Fan attendance in the OUA continues to decline
Picture this: It’s the heart of fall. The sun is shining as the wind blows carelessly across the open gridiron. Football players are out for their game day warmups. The announcer prepares to announce athletes as they run out to the field. But behind them, the fans are merely scattered across the bleachers, with a ton of empty space around them.
Similarly, Waterloo Memorial Recreational Complex stands in solidarity on Father David Bauer, where the Wilfrid Laurier women’s hockey team prepares for their evening tilt against a rival opponent. People scuttle in to find their seats, but are overwhelmed with choices on where to sit. There is no assigned seating for the game — not that someone would cause a fuss, but the are so few people that there wouldn’t be conflict.
Where are all the Laurier fans?
Jon Kursikowski, the coordinator of sponsorship and events in the department of athletics and recreation said many factors affect fan attendance like proximity and weather, but also noted it’s important the Laurier numbers presented on the Ontario University Athletics website are “scanned” tickets, not necessarily sold tickets. A facility can be sold to capacity, but fans aren’t obligated to show up to the event.
As one of the most marketable sports, football suffers in that aspect. Although the interest is higher and draws a larger crowd, the bleachers at University Stadium remain almost vacant during a regular season game. Kursikowski said weather could be a factor to fan attendance, but the complications exceed Laurier and spread into Canadian Interuniversity Sport.
The most amount of fans the Guelph Gryphons brought into Alumni Stadium was during their Homecoming game when 8,000 fans attended — with their second-highest attendance crossing the 3,000 mark, according to the Ontario University Athletics website. The last two games of the season were unrecorded. Similarly, on a good day, the McMaster Marauders brought in 5,427 fans to Ron Joyce Stadium for their Homecoming, but reached half of that number for the rest of the season.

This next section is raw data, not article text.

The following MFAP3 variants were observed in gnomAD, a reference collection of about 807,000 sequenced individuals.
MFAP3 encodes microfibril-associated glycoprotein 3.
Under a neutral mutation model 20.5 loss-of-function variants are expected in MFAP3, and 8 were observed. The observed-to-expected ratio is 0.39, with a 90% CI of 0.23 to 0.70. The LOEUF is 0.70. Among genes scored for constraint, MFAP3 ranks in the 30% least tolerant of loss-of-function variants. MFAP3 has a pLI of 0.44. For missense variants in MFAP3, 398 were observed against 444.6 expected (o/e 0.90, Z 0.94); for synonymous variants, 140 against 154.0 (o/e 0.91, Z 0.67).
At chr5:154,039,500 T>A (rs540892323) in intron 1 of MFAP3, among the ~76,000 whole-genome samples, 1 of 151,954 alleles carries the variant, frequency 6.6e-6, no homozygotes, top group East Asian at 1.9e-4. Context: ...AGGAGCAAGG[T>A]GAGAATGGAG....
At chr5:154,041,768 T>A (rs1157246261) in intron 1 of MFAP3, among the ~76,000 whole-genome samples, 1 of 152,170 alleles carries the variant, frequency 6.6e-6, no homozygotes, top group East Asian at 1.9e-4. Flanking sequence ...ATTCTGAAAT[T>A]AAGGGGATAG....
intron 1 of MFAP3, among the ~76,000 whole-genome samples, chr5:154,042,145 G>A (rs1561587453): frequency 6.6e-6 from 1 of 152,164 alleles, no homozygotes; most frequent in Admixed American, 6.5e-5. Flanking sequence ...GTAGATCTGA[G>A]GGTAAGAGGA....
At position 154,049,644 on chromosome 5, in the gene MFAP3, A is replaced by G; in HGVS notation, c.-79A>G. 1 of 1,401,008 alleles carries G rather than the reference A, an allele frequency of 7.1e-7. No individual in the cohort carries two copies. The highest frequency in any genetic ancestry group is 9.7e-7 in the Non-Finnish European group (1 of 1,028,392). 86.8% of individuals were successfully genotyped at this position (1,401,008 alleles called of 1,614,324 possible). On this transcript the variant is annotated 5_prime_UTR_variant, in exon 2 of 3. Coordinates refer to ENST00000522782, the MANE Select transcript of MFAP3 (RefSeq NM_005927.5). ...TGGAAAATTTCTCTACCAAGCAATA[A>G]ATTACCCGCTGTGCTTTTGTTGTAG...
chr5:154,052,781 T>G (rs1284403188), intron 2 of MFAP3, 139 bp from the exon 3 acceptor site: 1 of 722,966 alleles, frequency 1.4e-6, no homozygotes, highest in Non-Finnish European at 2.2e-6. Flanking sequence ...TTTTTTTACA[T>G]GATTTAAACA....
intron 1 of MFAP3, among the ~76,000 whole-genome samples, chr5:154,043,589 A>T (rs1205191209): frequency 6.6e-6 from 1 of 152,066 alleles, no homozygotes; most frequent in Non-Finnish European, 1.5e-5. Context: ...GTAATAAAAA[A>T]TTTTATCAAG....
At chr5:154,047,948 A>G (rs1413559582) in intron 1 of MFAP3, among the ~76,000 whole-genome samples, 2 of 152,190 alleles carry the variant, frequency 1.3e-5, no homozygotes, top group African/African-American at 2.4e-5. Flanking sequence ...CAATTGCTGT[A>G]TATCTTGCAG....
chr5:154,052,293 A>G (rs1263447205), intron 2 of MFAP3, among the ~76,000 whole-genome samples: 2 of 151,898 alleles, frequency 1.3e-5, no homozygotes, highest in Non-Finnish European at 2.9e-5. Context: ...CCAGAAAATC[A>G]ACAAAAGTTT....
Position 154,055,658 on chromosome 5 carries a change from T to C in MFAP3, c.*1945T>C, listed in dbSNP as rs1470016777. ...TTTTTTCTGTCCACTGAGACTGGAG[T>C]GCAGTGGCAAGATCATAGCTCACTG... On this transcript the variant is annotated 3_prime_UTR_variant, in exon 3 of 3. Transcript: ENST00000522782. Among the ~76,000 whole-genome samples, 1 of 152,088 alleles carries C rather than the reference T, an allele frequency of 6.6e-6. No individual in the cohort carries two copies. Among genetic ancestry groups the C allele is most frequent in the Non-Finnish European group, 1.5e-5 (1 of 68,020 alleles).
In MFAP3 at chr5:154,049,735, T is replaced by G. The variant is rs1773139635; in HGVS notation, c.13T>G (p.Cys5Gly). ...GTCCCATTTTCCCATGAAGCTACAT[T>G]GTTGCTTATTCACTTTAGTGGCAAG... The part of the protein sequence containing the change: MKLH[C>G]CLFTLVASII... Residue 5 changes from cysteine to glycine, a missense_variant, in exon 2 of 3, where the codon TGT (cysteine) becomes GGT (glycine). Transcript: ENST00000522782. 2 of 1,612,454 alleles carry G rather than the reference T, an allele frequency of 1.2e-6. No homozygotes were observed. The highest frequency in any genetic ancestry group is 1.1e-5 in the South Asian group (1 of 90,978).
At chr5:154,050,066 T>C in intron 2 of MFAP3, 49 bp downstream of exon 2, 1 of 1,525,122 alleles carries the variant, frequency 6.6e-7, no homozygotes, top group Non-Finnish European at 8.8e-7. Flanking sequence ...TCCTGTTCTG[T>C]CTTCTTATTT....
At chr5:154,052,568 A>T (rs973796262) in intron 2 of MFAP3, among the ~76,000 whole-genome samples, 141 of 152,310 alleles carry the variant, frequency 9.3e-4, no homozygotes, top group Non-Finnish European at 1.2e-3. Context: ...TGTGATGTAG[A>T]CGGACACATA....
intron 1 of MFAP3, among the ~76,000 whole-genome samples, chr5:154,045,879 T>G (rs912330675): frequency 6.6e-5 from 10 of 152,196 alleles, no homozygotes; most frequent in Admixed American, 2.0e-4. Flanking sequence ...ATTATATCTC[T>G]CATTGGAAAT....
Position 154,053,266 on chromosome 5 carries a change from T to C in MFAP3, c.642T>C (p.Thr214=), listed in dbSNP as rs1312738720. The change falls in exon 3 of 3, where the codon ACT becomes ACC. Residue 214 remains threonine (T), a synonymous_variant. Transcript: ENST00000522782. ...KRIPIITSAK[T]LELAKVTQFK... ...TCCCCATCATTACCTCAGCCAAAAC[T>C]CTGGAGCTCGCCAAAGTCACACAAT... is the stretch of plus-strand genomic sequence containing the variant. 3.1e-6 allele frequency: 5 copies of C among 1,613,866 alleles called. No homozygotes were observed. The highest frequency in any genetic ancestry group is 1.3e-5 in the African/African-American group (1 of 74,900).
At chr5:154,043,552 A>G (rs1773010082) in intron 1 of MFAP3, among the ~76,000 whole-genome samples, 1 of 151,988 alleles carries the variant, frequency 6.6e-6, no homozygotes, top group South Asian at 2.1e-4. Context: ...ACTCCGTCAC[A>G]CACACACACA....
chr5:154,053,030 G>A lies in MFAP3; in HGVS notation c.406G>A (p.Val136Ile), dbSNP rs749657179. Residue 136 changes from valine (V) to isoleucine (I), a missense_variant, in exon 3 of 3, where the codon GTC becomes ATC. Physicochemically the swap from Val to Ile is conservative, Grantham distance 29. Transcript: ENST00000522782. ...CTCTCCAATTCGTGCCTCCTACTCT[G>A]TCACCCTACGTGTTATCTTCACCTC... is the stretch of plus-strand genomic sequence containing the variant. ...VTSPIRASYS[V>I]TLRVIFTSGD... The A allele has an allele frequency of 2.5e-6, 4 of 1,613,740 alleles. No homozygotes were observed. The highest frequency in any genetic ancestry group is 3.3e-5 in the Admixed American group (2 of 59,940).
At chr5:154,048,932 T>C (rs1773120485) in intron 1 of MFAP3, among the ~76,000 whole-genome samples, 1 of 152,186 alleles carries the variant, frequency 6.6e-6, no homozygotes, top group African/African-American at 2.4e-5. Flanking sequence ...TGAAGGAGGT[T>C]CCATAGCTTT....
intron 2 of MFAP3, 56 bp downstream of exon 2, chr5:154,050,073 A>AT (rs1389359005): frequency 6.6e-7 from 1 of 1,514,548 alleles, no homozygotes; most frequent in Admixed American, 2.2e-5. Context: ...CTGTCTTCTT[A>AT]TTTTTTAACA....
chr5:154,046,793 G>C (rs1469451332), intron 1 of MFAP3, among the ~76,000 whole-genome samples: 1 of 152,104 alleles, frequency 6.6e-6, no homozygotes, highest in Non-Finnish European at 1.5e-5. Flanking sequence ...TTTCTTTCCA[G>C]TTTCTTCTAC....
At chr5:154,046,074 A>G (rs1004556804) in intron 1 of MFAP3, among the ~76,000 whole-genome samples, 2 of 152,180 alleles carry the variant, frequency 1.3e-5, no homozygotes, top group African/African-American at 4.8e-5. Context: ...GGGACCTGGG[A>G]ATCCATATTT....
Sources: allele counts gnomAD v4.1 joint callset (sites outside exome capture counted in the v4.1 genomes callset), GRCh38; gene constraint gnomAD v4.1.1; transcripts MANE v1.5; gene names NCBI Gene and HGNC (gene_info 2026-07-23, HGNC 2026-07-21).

The Western Mustangs stand as the only anomaly, where a bad day in fan attendance climbs to new heights in competitors. Their opening game brought a crowd of 11,832 and their Homecoming game brought in a total crowd of 10,291. Even their other two home games doubled Laurier’s attendance, with 4,802 and 3,806 fans showing up respectively.
In a facility capable of seating 9,000, Laurier filled University Stadium with 6,717 fans during Homecoming, but barely cracked the four-digit mark when their fan base — the student body — went home for fall reading week when Laurier hosted the Ottawa Gee-Gees and the McMaster Marauders on Oct. 9 and Oct. 17 respectively. The Orientation Week game isn’t much better – in total, 3,368 tickets were scanned and granted entrance into the stadium.
But university sport is dying in exposure. The Yates Cup — the pinnacle of Ontario university football — had a viewership of 5,817 fans watching the spectacle from the stands at TD Stadium in London. Of course, this doesn’t include the viewership from TV networks like CHCH.
“It’s really a shame because when you look at the States and the States are like comparing apples to oranges,” men’s football head coach Michael Faulds said. “In the States you don’t know what day is Homecoming because every day is a sellout. They wouldn’t be able to look at the stands and be like “Oh that must be Homecoming.” Now it’s just a regular game.”
“Whereas here, Homecoming and have anywhere from 7,000-10,000 fans, and the very next week we’ll play a game and we can have anywhere from 1,000-3,000 fans.”
Hockey and basketball face the same problem.
In an arena where 200 fans can make the difference between whether or not the coach notices the crowd cheering behind them, Waterloo Memorial Recreation Complex flirts with attendance numbers as low as 78 and as high as 134 in the 2015-16 women’s hockey season . Brantford Homecoming brought in 726 fans to the Brantford Civic Centre on Sept. 24.
Head coach Rick Osborne recalled the days when an exhibition game against the McGill Martlets brought in a fifth of capacity. Fans were plentiful when Laurier was the top team in the country in the world of women’s hockey, but as university sport struggles to maintain a fan base that recycles itself every four years, it’s difficult to keep consumers interested in the product.
“When the gym is half full or more, you can get a pretty good atmosphere in there. But I think we’ve had that for certain games over the years,” Falco said.
Collectively it is agreed the real product to be sold is the experience — not so much the sporting event, but the social aspect of going to it. The ability to create a lasting impression and keep the students coming back. Faulds thinks this can be accomplished, especially from a football standpoint where it’s only a four-game commitment.
“It’s not about the actual football game, it’s more about the event,” Faulds said. “It’s all about the school spirit.”